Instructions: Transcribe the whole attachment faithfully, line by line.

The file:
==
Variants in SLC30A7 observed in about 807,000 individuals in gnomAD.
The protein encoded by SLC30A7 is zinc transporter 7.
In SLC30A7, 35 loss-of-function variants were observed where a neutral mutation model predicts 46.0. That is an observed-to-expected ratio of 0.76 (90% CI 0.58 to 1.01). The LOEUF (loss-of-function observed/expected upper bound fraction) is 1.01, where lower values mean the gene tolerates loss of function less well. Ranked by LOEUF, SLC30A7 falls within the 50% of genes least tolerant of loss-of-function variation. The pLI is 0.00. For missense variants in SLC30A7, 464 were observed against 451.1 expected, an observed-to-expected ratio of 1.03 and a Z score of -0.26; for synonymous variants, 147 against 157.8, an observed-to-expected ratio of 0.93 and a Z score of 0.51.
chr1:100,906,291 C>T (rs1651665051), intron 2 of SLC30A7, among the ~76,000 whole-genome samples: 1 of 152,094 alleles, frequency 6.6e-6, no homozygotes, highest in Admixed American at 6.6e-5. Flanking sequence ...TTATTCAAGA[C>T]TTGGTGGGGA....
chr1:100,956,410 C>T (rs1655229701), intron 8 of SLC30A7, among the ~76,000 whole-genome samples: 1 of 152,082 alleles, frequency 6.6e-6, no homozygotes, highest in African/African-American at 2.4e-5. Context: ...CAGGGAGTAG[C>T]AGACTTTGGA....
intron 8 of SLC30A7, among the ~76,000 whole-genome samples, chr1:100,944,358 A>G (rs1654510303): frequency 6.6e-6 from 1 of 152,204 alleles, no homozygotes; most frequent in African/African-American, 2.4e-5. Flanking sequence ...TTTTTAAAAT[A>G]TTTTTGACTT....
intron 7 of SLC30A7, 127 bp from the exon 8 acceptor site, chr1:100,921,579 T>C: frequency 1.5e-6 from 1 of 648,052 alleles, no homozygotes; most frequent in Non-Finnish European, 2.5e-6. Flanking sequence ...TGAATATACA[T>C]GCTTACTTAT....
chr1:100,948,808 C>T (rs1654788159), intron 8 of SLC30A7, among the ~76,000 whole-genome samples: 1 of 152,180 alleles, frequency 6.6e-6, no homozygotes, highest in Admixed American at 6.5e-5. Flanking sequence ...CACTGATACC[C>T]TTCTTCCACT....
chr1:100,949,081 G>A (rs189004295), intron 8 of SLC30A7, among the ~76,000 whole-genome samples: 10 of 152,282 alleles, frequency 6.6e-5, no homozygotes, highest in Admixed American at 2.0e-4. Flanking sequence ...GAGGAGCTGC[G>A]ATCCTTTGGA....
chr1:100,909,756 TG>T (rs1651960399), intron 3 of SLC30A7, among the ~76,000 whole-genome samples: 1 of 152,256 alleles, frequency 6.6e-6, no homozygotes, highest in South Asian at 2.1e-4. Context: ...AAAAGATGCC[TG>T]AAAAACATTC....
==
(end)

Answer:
Variants in SLC30A7 observed in about 807,000 individuals in gnomAD.
The protein encoded by SLC30A7 is zinc transporter 7.
In SLC30A7, 35 loss-of-function variants were observed where a neutral mutation model predicts 46.0. That is an observed-to-expected ratio of 0.76 (90% CI 0.58 to 1.01). The LOEUF (loss-of-function observed/expected upper bound fraction) is 1.01, where lower values mean the gene tolerates loss of function less well. Ranked by LOEUF, SLC30A7 falls within the 50% of genes least tolerant of loss-of-function variation. The pLI is 0.00. For missense variants in SLC30A7, 464 were observed against 451.1 expected, an observed-to-expected ratio of 1.03 and a Z score of -0.26; for synonymous variants, 147 against 157.8, an observed-to-expected ratio of 0.93 and a Z score of 0.51.
chr1:100,906,291 C>T (rs1651665051), intron 2 of SLC30A7, among the ~76,000 whole-genome samples: 1 of 152,094 alleles, frequency 6.6e-6, no homozygotes, highest in Admixed American at 6.6e-5. Flanking sequence ...TTATTCAAGA[C>T]TTGGTGGGGA....
chr1:100,956,410 C>T (rs1655229701), intron 8 of SLC30A7, among the ~76,000 whole-genome samples: 1 of 152,082 alleles, frequency 6.6e-6, no homozygotes, highest in African/African-American at 2.4e-5. Context: ...CAGGGAGTAG[C>T]AGACTTTGGA....
intron 8 of SLC30A7, among the ~76,000 whole-genome samples, chr1:100,944,358 A>G (rs1654510303): frequency 6.6e-6 from 1 of 152,204 alleles, no homozygotes; most frequent in African/African-American, 2.4e-5. Flanking sequence ...TTTTTAAAAT[A>G]TTTTTGACTT....
intron 7 of SLC30A7, 127 bp from the exon 8 acceptor site, chr1:100,921,579 T>C: frequency 1.5e-6 from 1 of 648,052 alleles, no homozygotes; most frequent in Non-Finnish European, 2.5e-6. Flanking sequence ...TGAATATACA[T>C]GCTTACTTAT....
chr1:100,948,808 C>T (rs1654788159), intron 8 of SLC30A7, among the ~76,000 whole-genome samples: 1 of 152,180 alleles, frequency 6.6e-6, no homozygotes, highest in Admixed American at 6.5e-5. Flanking sequence ...CACTGATACC[C>T]TTCTTCCACT....
chr1:100,949,081 G>A (rs189004295), intron 8 of SLC30A7, among the ~76,000 whole-genome samples: 10 of 152,282 alleles, frequency 6.6e-5, no homozygotes, highest in Admixed American at 2.0e-4. Flanking sequence ...GAGGAGCTGC[G>A]ATCCTTTGGA....
chr1:100,909,756 TG>T (rs1651960399), intron 3 of SLC30A7, among the ~76,000 whole-genome samples: 1 of 152,256 alleles, frequency 6.6e-6, no homozygotes, highest in South Asian at 2.1e-4. Context: ...AAAAGATGCC[TG>T]AAAAACATTC....